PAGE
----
PHILADELPHIA A group of elected officials and a coalition of Cheyney University students and alumni said they will restart a 33-year-old federal civil-rights suit against the state unless Gov. Corbett's administration provides additional funding to help the deficit-plagued, historically black state school survive.

"We're trying to make sure that Cheyney is treated not just fairly, not just equally, but equitably," said Michael Coard, a lawyer, Cheyney alumnus, and part of a coalition calling itself Heeding Cheyney's Call.

Because the university is small, compensating it under the same funding formula as the other 13 universities in the Pennsylvania State System of Higher Education is not adequate, the group said.

On a sidewalk near Philadelphia's federal courthouse - where some of the same members of the coalition filed the federal suit in 1980 - Coard said the group would give the Corbett administration 10 days to meet its demands.

The original suit led to a 1999 settlement in which the state funneled $36.5 million to Cheyney for building and academic upgrades. Coard was student government vice president at Cheyney when the suit was filed.

The coalition declined to say how much it was seeking, though Coard said $250 million would be "a nice, round number."

Located on 275 acres of rolling farmland in Delaware and Chester Counties, Cheyney - founded in 1837 and one of the oldest historically black colleges in the country - has struggled for years with low enrollment and funding woes, as have many historically black universities. It faces a $14 million deficit and enrolls 1,200 students, down from nearly 3,000 in 1977, the coalition said.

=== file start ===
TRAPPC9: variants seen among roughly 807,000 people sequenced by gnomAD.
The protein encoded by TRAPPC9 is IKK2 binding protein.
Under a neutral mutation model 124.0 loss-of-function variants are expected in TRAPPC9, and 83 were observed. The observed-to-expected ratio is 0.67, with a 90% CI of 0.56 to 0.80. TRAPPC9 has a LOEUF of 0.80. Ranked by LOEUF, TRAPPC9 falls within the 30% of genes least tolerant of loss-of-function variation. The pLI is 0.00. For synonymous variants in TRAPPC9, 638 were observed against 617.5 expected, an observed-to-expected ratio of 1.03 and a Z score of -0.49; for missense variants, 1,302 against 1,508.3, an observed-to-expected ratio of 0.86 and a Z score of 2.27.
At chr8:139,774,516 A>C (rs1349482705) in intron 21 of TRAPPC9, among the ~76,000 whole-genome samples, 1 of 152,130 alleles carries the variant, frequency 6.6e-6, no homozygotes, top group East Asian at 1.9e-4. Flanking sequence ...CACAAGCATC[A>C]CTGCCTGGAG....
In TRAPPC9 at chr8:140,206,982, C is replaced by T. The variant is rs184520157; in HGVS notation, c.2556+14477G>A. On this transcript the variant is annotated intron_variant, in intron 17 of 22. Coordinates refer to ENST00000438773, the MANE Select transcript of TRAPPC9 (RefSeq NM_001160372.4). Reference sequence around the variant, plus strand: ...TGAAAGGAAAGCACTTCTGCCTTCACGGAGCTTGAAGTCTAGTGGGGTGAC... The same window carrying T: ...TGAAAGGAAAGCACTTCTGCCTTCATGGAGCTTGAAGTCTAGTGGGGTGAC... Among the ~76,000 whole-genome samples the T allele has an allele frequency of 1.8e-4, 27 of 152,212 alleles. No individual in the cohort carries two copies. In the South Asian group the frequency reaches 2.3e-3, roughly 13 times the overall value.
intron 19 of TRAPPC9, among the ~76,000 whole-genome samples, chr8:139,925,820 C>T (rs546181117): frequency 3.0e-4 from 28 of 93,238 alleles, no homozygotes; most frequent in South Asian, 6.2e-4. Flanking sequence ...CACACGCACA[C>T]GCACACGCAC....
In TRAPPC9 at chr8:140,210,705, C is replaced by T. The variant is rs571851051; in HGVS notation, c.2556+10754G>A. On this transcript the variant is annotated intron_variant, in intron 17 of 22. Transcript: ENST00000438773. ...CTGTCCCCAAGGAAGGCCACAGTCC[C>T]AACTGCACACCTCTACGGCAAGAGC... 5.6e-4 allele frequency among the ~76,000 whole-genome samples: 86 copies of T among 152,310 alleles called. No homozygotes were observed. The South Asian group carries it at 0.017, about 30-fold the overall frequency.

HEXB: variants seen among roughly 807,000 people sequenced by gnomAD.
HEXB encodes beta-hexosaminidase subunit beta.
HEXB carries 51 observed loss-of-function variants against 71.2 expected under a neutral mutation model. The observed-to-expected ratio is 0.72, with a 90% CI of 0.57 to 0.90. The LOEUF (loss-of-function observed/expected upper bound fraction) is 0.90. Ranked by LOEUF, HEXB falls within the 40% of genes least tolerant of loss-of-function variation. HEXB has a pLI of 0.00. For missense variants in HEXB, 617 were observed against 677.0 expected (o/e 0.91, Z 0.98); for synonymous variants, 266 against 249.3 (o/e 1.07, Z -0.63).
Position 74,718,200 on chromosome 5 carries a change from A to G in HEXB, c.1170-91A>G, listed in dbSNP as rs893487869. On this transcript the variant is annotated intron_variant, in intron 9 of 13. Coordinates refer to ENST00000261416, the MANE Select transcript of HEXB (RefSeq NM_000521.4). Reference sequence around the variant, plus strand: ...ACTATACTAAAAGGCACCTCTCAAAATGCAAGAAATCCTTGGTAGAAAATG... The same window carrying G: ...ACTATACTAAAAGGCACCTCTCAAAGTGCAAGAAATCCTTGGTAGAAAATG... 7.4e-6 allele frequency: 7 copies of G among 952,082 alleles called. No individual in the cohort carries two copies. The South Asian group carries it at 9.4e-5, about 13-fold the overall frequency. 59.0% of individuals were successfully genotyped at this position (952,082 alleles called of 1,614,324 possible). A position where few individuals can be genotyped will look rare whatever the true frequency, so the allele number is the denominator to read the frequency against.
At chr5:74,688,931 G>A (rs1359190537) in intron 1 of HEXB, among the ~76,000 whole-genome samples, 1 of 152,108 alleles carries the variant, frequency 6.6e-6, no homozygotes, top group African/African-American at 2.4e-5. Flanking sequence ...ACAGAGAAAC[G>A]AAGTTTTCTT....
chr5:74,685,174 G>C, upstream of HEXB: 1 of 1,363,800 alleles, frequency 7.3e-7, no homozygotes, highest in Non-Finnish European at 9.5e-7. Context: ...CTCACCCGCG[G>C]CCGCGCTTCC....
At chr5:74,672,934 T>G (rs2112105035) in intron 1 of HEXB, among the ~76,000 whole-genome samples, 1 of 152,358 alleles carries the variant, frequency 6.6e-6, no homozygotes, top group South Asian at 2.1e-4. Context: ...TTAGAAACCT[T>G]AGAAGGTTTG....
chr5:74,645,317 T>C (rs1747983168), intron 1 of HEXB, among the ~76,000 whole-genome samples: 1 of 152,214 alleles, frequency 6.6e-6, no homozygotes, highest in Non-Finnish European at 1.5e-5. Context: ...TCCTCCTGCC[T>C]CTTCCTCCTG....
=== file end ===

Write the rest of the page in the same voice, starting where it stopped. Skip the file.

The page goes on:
Cheyney is known for giving underprivileged inner-city students a chance at a college education that other schools may not. More than half of Cheyney's students hail from Philadelphia.

The other 13 state universities, the group asserted, are running a $100 million surplus while Cheyney operates in the red.

"Racism," Coard said. "That's why we're pushing this issue."

In a statement, Peter Garland, acting chancellor of the state system, denied discrimination and said the system has allotted Cheyney the highest per-student funding of any of its universities. The system also has awarded Cheyney $70 million in capital funding over the last two years for a new residence hall and science center.

"Clearly, Cheyney University is treated fairly and equally in comparison to its other sister schools," Garland said, noting that the percentage of Cheyney's budget covered by tuition and fees is smaller than at the other schools.

Corbett's office, the state Education Department, and Cheyney president Michelle R. Howard-Vital did not respond to requests for comment.

The group was joined by U.S. Rep. Chaka Fattah, State Rep. Ronald Waters, and Philadelphia City Councilwoman Jannie L. Blackwell, also a Cheyney alumna, among others.

"We're here for the long haul," Blackwell said.

Also leading the news conference was Jeffrey K. Hart, an event planner and Cheyney alumnus who was part of the 1980 suit as student government president.

Alumni, he said, have become increasingly concerned, spurring him to review the lawsuit.

"I brought about 12 people together and decided this would be the action we'd take," he said.

Malik Williams, 21, student government president, said Cheyney buildings need work and better equipment.

"If we had more funding, we could build more things. We could grow," said Williams, a business administration major from Pittsburgh.

The coalition said the state system should revise its funding formula and exempt Cheyney from any "austerity measures" enacted at the other universities as budgets tighten.

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